"I've been an environmentalist for a long time, and I was at the point where I really wanted to do something. And when I saw these bags I thought that this could be my one thing," says Foster. Foster says that most retailers are interested in her bags on principle, but as General Electric Chief Executive Officer Jeffrey Immelt is fond of saying, "Green is green." Stores can reduce the amount of bags that they give away, and profit on a reusable bag instead.

Many stores offer canvas bags, which last longer but are usually somewhat pricey. The suggested retail price of a 1 Bag at a Time polypropylene bag is less than $2, and the bags are easier to pack, Foster says, because they can stand on the counter without squishing food.

Cronig's Market of Martha's Vineyard, Mass., is perhaps a bit ahead of the game because living on an island tends to make folks more aware of limited resources. For years, Cronig's offered only paper bags at the checkout and canvas bags for purchase. Now it carries square-bottomed polypropylene fiber bags. Cronig's keeps the bags at the head of every register and has displays near both the entrance and exit.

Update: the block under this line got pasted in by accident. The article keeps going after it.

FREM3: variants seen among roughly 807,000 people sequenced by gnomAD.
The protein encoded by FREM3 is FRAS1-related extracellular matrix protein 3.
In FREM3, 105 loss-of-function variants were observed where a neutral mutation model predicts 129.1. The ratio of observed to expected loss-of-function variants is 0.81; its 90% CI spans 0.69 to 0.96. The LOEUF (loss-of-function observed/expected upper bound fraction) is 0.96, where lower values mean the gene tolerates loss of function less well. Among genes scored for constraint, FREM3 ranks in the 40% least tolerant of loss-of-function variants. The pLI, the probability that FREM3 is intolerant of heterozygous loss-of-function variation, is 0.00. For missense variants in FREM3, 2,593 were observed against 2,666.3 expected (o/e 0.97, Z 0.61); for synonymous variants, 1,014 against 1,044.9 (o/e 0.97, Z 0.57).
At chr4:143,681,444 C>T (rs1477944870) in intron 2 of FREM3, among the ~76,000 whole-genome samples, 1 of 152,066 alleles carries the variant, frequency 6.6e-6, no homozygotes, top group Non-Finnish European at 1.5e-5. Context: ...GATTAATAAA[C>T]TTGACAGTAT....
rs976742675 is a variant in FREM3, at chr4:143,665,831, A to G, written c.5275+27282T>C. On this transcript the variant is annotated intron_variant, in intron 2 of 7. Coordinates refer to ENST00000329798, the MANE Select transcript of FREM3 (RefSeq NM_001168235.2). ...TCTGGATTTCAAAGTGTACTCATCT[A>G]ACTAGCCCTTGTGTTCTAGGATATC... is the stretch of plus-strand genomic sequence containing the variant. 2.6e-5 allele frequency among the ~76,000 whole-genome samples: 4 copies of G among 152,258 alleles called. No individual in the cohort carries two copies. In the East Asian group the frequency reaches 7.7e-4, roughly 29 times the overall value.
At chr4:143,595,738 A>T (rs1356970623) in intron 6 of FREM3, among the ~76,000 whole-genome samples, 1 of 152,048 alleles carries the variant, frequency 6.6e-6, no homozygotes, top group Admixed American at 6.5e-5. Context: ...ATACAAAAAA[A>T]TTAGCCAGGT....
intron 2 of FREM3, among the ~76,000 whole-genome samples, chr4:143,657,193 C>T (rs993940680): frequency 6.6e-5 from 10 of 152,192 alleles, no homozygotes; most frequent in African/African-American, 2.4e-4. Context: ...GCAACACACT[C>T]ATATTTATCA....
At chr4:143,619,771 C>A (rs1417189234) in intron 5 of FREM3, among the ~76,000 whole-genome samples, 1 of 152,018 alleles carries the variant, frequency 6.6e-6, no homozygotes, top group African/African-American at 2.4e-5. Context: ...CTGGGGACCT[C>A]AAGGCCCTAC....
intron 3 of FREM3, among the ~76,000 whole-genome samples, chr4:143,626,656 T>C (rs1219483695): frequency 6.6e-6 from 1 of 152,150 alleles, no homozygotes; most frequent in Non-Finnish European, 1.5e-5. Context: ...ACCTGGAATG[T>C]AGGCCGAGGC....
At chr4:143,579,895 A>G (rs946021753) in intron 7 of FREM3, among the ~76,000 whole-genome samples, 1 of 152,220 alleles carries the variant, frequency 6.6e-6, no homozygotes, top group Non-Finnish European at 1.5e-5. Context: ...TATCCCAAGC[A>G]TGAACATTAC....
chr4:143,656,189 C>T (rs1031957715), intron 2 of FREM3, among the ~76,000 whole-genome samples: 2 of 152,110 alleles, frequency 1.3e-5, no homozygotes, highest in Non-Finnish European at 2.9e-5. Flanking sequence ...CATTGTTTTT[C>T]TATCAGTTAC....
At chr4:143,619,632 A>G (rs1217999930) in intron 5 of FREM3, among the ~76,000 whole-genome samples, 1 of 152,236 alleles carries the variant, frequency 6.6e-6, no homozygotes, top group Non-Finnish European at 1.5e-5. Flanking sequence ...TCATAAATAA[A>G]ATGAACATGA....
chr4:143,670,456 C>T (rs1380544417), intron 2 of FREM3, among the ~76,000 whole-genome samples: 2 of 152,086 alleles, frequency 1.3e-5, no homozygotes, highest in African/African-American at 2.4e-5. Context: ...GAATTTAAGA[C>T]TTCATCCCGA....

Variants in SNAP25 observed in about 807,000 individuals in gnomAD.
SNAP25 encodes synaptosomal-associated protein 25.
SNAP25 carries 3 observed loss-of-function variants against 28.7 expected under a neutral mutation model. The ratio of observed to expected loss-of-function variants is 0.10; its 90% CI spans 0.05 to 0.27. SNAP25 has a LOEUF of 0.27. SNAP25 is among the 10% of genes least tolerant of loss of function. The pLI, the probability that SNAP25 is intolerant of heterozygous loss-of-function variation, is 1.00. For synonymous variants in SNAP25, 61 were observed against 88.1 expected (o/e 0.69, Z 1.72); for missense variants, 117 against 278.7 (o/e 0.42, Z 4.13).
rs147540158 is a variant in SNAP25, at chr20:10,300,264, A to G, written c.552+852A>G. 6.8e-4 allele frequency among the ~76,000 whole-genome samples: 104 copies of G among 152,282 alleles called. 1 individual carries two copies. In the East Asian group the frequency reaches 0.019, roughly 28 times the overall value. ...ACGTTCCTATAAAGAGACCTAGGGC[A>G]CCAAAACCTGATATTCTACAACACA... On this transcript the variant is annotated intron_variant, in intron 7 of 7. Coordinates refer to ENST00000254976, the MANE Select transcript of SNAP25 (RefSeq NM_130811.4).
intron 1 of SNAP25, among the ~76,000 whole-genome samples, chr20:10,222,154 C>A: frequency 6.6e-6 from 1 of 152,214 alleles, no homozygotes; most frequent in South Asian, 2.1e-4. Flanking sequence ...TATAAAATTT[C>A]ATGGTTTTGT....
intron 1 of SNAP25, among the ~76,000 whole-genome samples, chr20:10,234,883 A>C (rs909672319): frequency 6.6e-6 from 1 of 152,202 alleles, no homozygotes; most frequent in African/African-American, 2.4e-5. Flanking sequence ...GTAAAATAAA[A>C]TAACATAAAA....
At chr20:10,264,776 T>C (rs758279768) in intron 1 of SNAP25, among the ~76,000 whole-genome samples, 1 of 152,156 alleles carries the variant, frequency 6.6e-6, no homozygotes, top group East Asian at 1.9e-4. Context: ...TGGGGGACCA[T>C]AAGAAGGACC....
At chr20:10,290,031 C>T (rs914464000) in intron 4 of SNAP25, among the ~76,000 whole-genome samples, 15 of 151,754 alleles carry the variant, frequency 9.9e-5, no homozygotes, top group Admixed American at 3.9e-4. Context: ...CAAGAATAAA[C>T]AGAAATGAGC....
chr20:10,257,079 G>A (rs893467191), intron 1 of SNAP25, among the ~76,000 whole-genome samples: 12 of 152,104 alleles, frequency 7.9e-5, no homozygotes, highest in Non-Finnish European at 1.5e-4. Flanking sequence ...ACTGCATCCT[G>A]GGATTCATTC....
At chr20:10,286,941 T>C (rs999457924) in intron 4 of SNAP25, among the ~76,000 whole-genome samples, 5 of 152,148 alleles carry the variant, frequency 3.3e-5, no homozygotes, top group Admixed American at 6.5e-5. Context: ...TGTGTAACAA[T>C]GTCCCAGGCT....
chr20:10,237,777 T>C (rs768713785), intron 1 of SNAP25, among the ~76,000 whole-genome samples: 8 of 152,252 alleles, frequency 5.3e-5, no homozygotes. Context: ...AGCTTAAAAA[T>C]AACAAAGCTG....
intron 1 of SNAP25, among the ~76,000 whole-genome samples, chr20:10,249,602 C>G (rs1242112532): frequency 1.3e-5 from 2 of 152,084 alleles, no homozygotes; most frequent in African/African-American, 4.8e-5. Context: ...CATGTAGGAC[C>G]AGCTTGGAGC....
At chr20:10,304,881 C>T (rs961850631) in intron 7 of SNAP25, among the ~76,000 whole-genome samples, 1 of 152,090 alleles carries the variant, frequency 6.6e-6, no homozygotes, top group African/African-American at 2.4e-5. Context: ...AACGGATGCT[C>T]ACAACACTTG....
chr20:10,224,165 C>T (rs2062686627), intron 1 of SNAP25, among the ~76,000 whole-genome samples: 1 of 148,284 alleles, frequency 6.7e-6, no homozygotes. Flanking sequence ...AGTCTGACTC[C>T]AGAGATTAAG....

"Already we see people coming back in with the bags. We have a program where people can exchange 25 paper bags, and we give them a reusable one. People are into that too," says Sarah McKay, general manager of Cronig's. "The biggest motivation is to try and reduce waste, but since we carry only paper bags with handles, and those are expensive, we are hoping that we will see a reduction in the number of bags that we have to give away."

Other stores encourage customers to reuse bags by offering a five-cent refund for every bag customers reuse. Wild Oats has a Wooden Nickel program where customers may choose one of three local charities to which they would like to donate their five cents. New Leaf Markets in Santa Cruz, Calif., has a similar program, and it allows customers a chance to vote on which three local charities they would like to support every year.